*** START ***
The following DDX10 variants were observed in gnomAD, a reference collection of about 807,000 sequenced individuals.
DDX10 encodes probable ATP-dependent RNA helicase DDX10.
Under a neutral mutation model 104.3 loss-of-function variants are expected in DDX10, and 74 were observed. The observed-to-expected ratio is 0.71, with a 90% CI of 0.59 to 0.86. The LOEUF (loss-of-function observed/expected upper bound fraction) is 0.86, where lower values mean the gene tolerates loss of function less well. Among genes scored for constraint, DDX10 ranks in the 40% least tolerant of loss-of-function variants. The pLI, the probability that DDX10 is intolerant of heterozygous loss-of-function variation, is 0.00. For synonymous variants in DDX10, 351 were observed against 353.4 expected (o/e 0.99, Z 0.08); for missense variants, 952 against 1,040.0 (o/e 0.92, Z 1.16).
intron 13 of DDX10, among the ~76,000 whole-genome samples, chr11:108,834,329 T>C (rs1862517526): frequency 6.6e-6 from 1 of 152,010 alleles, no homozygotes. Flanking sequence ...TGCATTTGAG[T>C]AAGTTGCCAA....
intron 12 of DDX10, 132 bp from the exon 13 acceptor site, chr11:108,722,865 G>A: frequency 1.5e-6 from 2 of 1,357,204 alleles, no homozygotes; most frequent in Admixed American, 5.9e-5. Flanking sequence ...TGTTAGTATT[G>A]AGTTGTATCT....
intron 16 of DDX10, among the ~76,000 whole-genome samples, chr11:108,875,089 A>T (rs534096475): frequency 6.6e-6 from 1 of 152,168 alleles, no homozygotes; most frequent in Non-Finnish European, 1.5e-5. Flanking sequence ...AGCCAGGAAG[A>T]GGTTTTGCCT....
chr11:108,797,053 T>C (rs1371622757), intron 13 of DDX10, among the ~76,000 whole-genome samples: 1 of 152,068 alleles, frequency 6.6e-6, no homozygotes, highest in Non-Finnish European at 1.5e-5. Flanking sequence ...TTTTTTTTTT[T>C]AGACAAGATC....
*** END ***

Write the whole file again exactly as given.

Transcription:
The following DDX10 variants were observed in gnomAD, a reference collection of about 807,000 sequenced individuals.
DDX10 encodes probable ATP-dependent RNA helicase DDX10.
Under a neutral mutation model 104.3 loss-of-function variants are expected in DDX10, and 74 were observed. The observed-to-expected ratio is 0.71, with a 90% CI of 0.59 to 0.86. The LOEUF (loss-of-function observed/expected upper bound fraction) is 0.86, where lower values mean the gene tolerates loss of function less well. Among genes scored for constraint, DDX10 ranks in the 40% least tolerant of loss-of-function variants. The pLI, the probability that DDX10 is intolerant of heterozygous loss-of-function variation, is 0.00. For synonymous variants in DDX10, 351 were observed against 353.4 expected (o/e 0.99, Z 0.08); for missense variants, 952 against 1,040.0 (o/e 0.92, Z 1.16).
intron 13 of DDX10, among the ~76,000 whole-genome samples, chr11:108,834,329 T>C (rs1862517526): frequency 6.6e-6 from 1 of 152,010 alleles, no homozygotes. Flanking sequence ...TGCATTTGAG[T>C]AAGTTGCCAA....
intron 12 of DDX10, 132 bp from the exon 13 acceptor site, chr11:108,722,865 G>A: frequency 1.5e-6 from 2 of 1,357,204 alleles, no homozygotes; most frequent in Admixed American, 5.9e-5. Flanking sequence ...TGTTAGTATT[G>A]AGTTGTATCT....
intron 16 of DDX10, among the ~76,000 whole-genome samples, chr11:108,875,089 A>T (rs534096475): frequency 6.6e-6 from 1 of 152,168 alleles, no homozygotes; most frequent in Non-Finnish European, 1.5e-5. Flanking sequence ...AGCCAGGAAG[A>T]GGTTTTGCCT....
chr11:108,797,053 T>C (rs1371622757), intron 13 of DDX10, among the ~76,000 whole-genome samples: 1 of 152,068 alleles, frequency 6.6e-6, no homozygotes, highest in Non-Finnish European at 1.5e-5. Flanking sequence ...TTTTTTTTTT[T>C]AGACAAGATC....